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Material Selection for Fixed Dental Prostheses

When treatment planning for fixed dental protheses (FDPs), such as a crown or bridge, it is important that you select the correct material by taking into consideration the dental implications as well as patient preference. Below you will find a list of the available materials used to fabricate FDPs as well as their indicated use.

Full-Cast Gold:

Pros: Doesn't fracture. Doesn't wear opposing teeth. Conservative prep. Cons: Esthetics. Possible allergy.

Gold is the "gold standard" as far as dental materials go. It doesn't fracture, it doesn't wear on the opposing teeth and it requires a conservative prep design. However, due to its color, it is usually not the patient's first choice for esthetics.


Pros: Esthetics. Semi-conservative prep. Strength. Biocompatible. Cons: Newer material. Less conservative prep than gold. Possible chipping/fractures.

All-ceramic FDPs (including traditional porcelain [feldspathic], Empress [lucite-based], e.max [lithium disilicate], and zirconia) are the most esthetic of the three choices and are rising in popularity. Although there are differences between the 4 basic all-ceramic material choices, as a group, they are generally considered when esthetics is the patient's main concern since their strength can be lacking. However, due to recent advances in technology and fabrication techniques, this category of dental materials can be considered in all areas of the mouth and will satisfy both strength and esthetic needs.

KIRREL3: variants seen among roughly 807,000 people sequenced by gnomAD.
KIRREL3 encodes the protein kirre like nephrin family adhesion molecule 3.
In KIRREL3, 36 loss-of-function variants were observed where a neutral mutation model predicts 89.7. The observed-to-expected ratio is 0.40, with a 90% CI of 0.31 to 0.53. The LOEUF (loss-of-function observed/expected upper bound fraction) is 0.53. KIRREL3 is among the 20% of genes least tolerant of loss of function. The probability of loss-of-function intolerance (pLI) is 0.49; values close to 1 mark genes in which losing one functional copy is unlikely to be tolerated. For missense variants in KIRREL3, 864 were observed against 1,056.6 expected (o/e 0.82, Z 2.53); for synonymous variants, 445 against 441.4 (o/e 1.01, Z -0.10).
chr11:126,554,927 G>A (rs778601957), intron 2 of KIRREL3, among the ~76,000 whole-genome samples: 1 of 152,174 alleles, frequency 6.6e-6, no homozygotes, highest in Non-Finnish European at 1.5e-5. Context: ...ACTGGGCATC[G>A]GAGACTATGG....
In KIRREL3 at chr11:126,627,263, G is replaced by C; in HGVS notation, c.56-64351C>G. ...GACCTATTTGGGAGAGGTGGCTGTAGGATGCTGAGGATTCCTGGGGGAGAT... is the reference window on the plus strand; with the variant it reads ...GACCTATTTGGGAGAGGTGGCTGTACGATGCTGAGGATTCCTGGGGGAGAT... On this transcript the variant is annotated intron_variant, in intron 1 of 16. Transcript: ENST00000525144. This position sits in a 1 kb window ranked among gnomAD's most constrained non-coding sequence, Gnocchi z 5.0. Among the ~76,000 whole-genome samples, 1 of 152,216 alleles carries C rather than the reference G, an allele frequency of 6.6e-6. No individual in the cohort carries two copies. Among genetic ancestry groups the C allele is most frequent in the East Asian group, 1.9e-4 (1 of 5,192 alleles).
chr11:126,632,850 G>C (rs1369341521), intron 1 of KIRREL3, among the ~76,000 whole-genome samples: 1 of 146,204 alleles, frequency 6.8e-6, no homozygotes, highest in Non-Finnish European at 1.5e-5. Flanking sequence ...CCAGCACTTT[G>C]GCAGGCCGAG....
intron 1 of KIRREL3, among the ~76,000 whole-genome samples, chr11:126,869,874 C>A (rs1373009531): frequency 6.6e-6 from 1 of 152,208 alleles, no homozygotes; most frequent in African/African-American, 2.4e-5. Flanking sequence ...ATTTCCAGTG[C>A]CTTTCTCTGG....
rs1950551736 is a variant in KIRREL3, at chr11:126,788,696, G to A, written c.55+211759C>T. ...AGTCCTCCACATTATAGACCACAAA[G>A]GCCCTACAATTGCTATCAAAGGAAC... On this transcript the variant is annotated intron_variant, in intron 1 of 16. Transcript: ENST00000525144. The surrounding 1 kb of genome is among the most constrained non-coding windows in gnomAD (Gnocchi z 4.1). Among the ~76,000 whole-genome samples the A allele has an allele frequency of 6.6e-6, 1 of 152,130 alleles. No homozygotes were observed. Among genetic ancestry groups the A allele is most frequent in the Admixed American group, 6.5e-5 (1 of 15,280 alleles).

Porcelain-Fused-to-Metal (PFM):

Pros: Esthetics. Strength. Time-tested. Cons: Least conservative prep. Possible fractures. Possible allergy.

PFM restorations are time-tested and well-proven. They have been the most used material for indirect single and multiple tooth restorations over the past 50 years or so due to the combination of esthetics (from the porcelain) and strength (from the metal). However, their preparation dimensions are the least conservative of all of the choices and, due to recent advances in all-ceramic materials, PFMs are becoming less and less popular.

Additional Resources:

Prosthodontic Material Indications PDF (Sutton)